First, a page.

The School of History and Sociology presents the spring 2021 Graduate Forum Speakers Series.
All talks are Wednesdays from 12:00 - 1:30 PM via BlueJeans video conference.
January 27, 2021
Trevor Pinch, Ph.D.
Goldwin Smith Professor of Science & Technology Studies, Cornell University
“From Bikes to Synths: On the Road with Social Construction of Technology”
In this talk Professor Pinch will review the main ideas of social construction of technology (SCOT), such as interpretive flexibility of technologies, and show how its ideas have gained traction over the years. He will argue that the attention SCOT gives to technological artefacts as hidden carriers of society and culture is one of its enduring strengths. With a detour via the automobile, Pinch will remind us of SCOT’s attention to users, gender and power. He will use his case study of the Moog electronic music synthesizer to bring it all together and show where SCOT may be heading with its encounter between music and Sound Studies.
February 24, 2021
Jon Lindsay, Ph.D.
Assistant Professor of Global Affairs and Public Policy, University of Toronto
"The First Cyber Campaign: Bletchley Park and the ‘Extraordinary’ Conditions for Intelligence Success"
Download a flyer about the talk.
There is a huge literature about Bletchley Park, one of the most stunning success stories in intelligence history. Yet questions remain about how to explain the extent and persistence of British signals intelligence success. This case takes on renewed importance in an era of endemic cyber conflict. Indeed, the cryptologic contest of World War II, a duel between encryption and decryption machines, might be described as the first cyber conflict. This essay develops a practice-based account of the exploitation and protection of the human and machine performances that facilitate organizational control. I infer three necessary but hard to meet conditions for intelligence success and show how Bletchley park met all three of them. First, shared sociotechnical protocols for communication and computation provide the potential for deception. Second, the intelligence agency combines the strengths of both top-down management and bottom-up adaptation. Third, the intelligence target combines the weaknesses of both organizational modes. If these conditions are met, then an organization can construct a secret information channel for collection or influence, but even this success will only ever have an indirect effect on political or military outcomes. Modern intelligence operations in and through global information infrastructure depend on these same conditions, although meeting them is often more difficult.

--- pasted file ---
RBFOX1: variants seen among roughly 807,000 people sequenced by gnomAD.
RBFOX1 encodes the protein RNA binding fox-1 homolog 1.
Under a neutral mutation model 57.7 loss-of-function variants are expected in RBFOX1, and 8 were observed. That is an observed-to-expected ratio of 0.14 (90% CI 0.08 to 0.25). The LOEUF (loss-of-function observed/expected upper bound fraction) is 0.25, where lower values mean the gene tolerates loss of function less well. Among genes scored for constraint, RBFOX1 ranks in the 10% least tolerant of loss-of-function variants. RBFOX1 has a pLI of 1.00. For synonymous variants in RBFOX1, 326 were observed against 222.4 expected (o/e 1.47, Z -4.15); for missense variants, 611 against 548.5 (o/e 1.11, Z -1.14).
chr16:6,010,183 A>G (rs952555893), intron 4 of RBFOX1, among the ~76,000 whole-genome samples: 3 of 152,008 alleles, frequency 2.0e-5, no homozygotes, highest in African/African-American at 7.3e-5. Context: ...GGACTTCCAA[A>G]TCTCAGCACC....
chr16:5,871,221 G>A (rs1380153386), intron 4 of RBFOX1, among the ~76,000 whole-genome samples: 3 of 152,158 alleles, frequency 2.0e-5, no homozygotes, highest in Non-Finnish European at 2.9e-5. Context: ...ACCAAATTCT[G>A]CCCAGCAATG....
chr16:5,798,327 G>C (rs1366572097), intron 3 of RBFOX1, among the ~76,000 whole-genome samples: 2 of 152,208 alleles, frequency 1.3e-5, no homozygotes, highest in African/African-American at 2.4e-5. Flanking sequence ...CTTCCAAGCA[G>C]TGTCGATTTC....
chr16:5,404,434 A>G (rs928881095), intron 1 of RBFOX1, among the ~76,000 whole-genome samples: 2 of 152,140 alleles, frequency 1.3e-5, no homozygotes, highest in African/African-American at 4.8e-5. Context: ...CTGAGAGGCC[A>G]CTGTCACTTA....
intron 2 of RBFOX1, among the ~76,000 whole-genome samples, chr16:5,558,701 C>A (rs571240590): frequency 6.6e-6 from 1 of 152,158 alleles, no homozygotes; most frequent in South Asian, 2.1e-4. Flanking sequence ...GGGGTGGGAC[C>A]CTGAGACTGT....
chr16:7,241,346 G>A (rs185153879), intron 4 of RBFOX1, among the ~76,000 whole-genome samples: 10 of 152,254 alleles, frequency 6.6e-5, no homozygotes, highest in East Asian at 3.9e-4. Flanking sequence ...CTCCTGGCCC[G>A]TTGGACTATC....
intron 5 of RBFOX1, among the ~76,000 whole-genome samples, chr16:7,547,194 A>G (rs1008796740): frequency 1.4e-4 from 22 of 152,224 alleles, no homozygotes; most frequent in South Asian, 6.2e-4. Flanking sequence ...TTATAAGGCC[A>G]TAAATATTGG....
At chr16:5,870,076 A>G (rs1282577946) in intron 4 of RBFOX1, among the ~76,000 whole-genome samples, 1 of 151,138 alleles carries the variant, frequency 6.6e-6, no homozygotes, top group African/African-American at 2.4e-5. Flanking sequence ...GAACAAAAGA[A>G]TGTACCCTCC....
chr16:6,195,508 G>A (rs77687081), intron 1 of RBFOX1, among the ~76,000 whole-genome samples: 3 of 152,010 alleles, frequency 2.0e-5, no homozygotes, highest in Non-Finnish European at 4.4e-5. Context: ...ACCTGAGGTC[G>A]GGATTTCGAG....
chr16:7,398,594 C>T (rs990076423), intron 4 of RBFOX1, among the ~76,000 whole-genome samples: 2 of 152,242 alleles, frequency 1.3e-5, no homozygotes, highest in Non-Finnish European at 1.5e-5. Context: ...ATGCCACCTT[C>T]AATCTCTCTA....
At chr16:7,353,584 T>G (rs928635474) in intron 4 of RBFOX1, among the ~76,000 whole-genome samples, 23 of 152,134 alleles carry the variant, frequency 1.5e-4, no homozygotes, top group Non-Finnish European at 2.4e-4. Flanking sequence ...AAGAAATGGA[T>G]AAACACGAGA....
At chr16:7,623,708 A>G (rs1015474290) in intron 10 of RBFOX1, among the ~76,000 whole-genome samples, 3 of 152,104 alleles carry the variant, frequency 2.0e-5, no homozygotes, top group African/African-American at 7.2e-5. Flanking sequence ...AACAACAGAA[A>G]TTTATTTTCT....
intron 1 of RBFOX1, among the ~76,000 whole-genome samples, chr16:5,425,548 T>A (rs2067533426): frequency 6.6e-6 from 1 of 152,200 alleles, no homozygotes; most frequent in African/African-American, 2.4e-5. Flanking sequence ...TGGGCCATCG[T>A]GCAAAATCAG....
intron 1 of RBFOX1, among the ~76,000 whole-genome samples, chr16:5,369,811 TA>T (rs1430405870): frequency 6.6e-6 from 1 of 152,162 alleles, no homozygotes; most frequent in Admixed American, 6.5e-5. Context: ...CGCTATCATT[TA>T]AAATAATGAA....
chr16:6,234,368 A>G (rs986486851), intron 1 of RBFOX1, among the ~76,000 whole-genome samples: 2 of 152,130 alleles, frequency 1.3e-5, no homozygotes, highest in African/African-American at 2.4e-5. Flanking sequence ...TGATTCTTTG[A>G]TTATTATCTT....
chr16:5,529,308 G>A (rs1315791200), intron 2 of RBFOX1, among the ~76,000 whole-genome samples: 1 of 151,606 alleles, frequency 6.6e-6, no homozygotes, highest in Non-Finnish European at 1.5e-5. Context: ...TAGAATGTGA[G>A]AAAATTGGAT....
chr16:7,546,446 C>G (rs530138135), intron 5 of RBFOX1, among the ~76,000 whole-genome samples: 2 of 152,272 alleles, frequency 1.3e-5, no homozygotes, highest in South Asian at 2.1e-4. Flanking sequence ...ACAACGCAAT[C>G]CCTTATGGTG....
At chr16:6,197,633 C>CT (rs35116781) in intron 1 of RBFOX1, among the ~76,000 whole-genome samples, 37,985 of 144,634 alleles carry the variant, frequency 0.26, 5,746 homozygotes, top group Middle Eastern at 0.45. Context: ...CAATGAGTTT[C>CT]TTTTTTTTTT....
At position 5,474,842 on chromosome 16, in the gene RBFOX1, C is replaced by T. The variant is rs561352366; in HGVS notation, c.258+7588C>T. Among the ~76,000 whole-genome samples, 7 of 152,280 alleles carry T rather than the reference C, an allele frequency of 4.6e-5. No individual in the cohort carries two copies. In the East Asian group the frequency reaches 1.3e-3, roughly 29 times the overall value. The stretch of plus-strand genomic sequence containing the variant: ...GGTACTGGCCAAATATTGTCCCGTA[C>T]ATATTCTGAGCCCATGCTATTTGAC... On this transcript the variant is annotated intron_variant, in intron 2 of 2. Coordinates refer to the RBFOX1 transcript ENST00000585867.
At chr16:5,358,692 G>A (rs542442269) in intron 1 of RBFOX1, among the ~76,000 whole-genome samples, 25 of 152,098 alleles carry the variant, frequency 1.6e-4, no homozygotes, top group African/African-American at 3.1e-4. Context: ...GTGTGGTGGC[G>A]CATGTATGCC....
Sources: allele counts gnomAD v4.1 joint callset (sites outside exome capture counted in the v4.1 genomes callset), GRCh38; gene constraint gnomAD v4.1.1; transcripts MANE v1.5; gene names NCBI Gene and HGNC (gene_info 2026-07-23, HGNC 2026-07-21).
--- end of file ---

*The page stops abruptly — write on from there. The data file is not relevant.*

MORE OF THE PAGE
April 14, 2021
Nicole Starosielski, Ph.D.
Associate Professor of Media, Culture, and Communication, NYU
"Cable Supply: The Historical Chokepoint of Global Networks"
This talk examines how the manufacturing and installation of global internet infrastructure is bound up in political formations. In particular, it focuses on the supply chain for undersea cables. In contrast to the flexibility and modularity of many global supply chains, submarine cable supply remains anchored in a small set of locations and companies. Describing the suppliers of transoceanic cables, the talk foregrounds these companies’ historical ties to governments and how this continues to play a role in their centrality to the global internet. The talk also unpacks how rumors about hidden spying equipment in cable systems, alongside backlash by the American and Australian governments, made it difficult for the Chinese cable supplier Huawei Marine to break into the transoceanic cable industry. Collectively these cases show how the cable supply chain resembles the nineteenth and twentieth century colonial cable system more than the contemporary network society.